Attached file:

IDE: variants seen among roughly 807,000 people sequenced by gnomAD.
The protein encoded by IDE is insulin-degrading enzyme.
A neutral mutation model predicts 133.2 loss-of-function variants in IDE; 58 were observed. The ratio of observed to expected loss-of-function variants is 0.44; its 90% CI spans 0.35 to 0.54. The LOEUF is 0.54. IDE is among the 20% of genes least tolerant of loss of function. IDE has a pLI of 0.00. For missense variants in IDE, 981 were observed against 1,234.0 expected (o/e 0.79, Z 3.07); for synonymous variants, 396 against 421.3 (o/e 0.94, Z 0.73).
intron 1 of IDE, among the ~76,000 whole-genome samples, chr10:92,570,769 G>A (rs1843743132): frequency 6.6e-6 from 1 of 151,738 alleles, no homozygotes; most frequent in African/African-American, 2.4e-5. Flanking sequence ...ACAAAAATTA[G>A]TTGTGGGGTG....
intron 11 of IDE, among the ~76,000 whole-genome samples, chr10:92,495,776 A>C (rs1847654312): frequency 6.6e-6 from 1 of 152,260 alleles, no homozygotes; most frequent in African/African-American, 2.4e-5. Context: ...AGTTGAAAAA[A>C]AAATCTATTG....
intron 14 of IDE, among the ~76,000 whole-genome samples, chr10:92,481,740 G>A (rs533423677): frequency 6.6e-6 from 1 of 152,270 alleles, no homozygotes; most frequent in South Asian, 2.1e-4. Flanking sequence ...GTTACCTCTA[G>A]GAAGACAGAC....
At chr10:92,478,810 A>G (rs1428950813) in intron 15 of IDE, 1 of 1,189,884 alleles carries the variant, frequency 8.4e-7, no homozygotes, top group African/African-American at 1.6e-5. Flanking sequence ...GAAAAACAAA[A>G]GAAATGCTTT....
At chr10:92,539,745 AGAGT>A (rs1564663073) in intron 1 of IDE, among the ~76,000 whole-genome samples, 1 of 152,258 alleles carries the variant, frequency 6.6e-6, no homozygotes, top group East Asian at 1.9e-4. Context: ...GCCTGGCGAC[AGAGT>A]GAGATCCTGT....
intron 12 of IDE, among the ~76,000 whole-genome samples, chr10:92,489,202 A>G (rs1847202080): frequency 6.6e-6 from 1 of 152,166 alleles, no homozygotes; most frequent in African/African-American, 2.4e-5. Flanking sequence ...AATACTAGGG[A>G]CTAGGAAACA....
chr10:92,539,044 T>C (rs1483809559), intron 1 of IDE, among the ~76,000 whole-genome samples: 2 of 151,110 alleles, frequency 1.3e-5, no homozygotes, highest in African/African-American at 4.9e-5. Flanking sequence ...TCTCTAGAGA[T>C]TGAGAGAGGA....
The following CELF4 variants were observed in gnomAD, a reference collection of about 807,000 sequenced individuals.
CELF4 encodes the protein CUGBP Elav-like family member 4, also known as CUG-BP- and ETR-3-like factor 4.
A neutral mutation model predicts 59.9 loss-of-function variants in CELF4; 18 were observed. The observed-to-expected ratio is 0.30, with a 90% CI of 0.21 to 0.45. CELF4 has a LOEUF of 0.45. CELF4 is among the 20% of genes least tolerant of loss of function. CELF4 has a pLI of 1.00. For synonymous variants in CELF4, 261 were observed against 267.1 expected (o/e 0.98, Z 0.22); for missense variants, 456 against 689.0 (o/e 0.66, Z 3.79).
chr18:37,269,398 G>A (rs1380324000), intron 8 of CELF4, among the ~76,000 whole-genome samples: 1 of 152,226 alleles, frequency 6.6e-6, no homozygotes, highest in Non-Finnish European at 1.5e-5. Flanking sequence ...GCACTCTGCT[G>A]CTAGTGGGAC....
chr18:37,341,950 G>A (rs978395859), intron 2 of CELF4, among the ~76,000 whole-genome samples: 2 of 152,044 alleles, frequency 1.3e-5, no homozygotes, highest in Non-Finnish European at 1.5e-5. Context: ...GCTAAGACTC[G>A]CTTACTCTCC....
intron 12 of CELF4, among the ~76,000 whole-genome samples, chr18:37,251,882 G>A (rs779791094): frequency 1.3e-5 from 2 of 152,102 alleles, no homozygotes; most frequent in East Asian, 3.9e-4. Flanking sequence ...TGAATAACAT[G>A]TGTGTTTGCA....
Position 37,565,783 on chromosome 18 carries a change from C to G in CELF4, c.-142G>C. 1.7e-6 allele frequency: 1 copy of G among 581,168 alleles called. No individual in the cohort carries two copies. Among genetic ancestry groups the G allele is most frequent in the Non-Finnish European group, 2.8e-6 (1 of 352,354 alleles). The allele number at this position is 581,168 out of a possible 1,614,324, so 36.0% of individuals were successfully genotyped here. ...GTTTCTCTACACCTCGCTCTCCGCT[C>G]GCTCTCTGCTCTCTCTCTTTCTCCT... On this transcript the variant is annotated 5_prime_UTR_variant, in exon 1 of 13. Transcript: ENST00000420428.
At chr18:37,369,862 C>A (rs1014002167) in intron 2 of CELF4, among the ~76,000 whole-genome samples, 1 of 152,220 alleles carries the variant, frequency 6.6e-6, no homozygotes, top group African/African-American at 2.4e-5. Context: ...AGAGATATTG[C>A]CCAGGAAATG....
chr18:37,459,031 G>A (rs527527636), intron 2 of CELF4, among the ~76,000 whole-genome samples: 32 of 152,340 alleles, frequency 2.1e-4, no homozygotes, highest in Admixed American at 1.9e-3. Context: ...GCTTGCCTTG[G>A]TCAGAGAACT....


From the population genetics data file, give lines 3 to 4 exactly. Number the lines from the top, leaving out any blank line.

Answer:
A neutral mutation model predicts 133.2 loss-of-function variants in IDE; 58 were observed. The ratio of observed to expected loss-of-function variants is 0.44; its 90% CI spans 0.35 to 0.54. The LOEUF is 0.54. IDE is among the 20% of genes least tolerant of loss of function. IDE has a pLI of 0.00. For missense variants in IDE, 981 were observed against 1,234.0 expected (o/e 0.79, Z 3.07); for synonymous variants, 396 against 421.3 (o/e 0.94, Z 0.73).
intron 1 of IDE, among the ~76,000 whole-genome samples, chr10:92,570,769 G>A (rs1843743132): frequency 6.6e-6 from 1 of 151,738 alleles, no homozygotes; most frequent in African/African-American, 2.4e-5. Flanking sequence ...ACAAAAATTA[G>A]TTGTGGGGTG....